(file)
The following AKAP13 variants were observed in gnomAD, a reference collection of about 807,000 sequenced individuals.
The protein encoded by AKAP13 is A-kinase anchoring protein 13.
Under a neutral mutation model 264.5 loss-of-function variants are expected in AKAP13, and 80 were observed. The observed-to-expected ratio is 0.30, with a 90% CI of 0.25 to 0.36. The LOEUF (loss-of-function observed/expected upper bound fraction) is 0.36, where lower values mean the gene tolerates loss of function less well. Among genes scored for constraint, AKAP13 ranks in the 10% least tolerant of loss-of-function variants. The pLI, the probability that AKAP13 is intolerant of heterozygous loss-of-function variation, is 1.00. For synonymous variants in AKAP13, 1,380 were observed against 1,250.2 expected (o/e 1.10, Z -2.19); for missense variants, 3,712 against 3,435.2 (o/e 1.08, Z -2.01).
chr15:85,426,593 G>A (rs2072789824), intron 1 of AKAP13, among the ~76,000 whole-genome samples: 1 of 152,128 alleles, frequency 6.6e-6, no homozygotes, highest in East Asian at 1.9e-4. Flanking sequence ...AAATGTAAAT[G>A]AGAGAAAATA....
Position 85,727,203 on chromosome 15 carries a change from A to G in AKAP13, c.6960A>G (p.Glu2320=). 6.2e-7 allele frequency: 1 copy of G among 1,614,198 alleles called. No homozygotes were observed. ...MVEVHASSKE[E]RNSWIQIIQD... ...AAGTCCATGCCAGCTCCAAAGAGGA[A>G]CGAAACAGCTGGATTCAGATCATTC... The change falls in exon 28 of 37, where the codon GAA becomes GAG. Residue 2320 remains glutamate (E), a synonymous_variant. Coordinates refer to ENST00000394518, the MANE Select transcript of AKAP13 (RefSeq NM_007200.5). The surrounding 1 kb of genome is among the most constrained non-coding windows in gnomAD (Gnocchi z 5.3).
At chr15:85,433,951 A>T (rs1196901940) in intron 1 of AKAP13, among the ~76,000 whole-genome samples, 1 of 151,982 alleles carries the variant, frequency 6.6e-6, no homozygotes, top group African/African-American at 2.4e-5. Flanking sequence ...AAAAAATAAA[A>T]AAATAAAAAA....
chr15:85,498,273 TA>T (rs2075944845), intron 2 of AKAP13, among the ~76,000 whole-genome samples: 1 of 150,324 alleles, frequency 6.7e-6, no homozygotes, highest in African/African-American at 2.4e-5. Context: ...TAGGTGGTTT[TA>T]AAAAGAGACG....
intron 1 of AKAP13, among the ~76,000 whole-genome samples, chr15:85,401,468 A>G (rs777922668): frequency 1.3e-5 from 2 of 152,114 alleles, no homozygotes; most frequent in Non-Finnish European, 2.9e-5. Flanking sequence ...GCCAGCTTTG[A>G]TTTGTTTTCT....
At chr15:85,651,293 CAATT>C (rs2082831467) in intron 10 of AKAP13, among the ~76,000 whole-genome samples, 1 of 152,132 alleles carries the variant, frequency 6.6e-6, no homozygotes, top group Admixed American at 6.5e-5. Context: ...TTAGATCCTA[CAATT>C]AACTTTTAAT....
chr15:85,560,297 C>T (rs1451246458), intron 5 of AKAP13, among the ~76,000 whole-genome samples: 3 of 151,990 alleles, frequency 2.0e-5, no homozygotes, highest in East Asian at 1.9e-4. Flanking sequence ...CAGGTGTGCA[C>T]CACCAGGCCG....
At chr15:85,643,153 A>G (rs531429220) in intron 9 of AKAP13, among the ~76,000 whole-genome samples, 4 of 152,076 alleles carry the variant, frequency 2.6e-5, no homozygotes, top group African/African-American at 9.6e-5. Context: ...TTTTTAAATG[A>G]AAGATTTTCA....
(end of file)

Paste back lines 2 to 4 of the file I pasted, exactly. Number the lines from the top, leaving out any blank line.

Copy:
The protein encoded by AKAP13 is A-kinase anchoring protein 13.
Under a neutral mutation model 264.5 loss-of-function variants are expected in AKAP13, and 80 were observed. The observed-to-expected ratio is 0.30, with a 90% CI of 0.25 to 0.36. The LOEUF (loss-of-function observed/expected upper bound fraction) is 0.36, where lower values mean the gene tolerates loss of function less well. Among genes scored for constraint, AKAP13 ranks in the 10% least tolerant of loss-of-function variants. The pLI, the probability that AKAP13 is intolerant of heterozygous loss-of-function variation, is 1.00. For synonymous variants in AKAP13, 1,380 were observed against 1,250.2 expected (o/e 1.10, Z -2.19); for missense variants, 3,712 against 3,435.2 (o/e 1.08, Z -2.01).
chr15:85,426,593 G>A (rs2072789824), intron 1 of AKAP13, among the ~76,000 whole-genome samples: 1 of 152,128 alleles, frequency 6.6e-6, no homozygotes, highest in East Asian at 1.9e-4. Flanking sequence ...AAATGTAAAT[G>A]AGAGAAAATA....